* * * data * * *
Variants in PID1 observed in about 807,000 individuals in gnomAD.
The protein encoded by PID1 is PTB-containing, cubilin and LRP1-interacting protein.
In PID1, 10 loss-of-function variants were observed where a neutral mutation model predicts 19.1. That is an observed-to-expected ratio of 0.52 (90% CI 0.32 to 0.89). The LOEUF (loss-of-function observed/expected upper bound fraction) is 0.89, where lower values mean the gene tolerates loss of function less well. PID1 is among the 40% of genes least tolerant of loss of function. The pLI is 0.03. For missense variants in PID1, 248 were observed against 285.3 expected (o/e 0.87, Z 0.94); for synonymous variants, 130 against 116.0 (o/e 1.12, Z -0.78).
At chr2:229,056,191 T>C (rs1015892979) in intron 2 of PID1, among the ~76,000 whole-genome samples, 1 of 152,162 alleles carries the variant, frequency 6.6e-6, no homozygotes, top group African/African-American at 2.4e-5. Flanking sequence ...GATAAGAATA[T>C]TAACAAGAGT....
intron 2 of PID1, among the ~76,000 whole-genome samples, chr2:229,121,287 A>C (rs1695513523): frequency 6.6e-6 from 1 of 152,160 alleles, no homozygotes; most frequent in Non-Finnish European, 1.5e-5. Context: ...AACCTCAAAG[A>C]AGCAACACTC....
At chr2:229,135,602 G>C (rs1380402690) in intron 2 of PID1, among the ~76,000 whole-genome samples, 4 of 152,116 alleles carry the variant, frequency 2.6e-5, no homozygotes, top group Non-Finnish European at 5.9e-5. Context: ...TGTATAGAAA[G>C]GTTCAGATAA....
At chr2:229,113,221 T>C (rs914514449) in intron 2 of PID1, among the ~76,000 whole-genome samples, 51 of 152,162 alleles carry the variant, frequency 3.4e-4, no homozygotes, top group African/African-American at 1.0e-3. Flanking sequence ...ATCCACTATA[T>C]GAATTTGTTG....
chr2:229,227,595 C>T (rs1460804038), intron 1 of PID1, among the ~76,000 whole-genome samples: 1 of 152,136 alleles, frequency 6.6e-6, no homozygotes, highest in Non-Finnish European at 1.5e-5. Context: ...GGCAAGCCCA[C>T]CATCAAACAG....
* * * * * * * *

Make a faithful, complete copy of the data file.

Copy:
Variants in PID1 observed in about 807,000 individuals in gnomAD.
The protein encoded by PID1 is PTB-containing, cubilin and LRP1-interacting protein.
In PID1, 10 loss-of-function variants were observed where a neutral mutation model predicts 19.1. That is an observed-to-expected ratio of 0.52 (90% CI 0.32 to 0.89). The LOEUF (loss-of-function observed/expected upper bound fraction) is 0.89, where lower values mean the gene tolerates loss of function less well. PID1 is among the 40% of genes least tolerant of loss of function. The pLI is 0.03. For missense variants in PID1, 248 were observed against 285.3 expected (o/e 0.87, Z 0.94); for synonymous variants, 130 against 116.0 (o/e 1.12, Z -0.78).
At chr2:229,056,191 T>C (rs1015892979) in intron 2 of PID1, among the ~76,000 whole-genome samples, 1 of 152,162 alleles carries the variant, frequency 6.6e-6, no homozygotes, top group African/African-American at 2.4e-5. Flanking sequence ...GATAAGAATA[T>C]TAACAAGAGT....
intron 2 of PID1, among the ~76,000 whole-genome samples, chr2:229,121,287 A>C (rs1695513523): frequency 6.6e-6 from 1 of 152,160 alleles, no homozygotes; most frequent in Non-Finnish European, 1.5e-5. Context: ...AACCTCAAAG[A>C]AGCAACACTC....
At chr2:229,135,602 G>C (rs1380402690) in intron 2 of PID1, among the ~76,000 whole-genome samples, 4 of 152,116 alleles carry the variant, frequency 2.6e-5, no homozygotes, top group Non-Finnish European at 5.9e-5. Context: ...TGTATAGAAA[G>C]GTTCAGATAA....
At chr2:229,113,221 T>C (rs914514449) in intron 2 of PID1, among the ~76,000 whole-genome samples, 51 of 152,162 alleles carry the variant, frequency 3.4e-4, no homozygotes, top group African/African-American at 1.0e-3. Flanking sequence ...ATCCACTATA[T>C]GAATTTGTTG....
chr2:229,227,595 C>T (rs1460804038), intron 1 of PID1, among the ~76,000 whole-genome samples: 1 of 152,136 alleles, frequency 6.6e-6, no homozygotes, highest in Non-Finnish European at 1.5e-5. Context: ...GGCAAGCCCA[C>T]CATCAAACAG....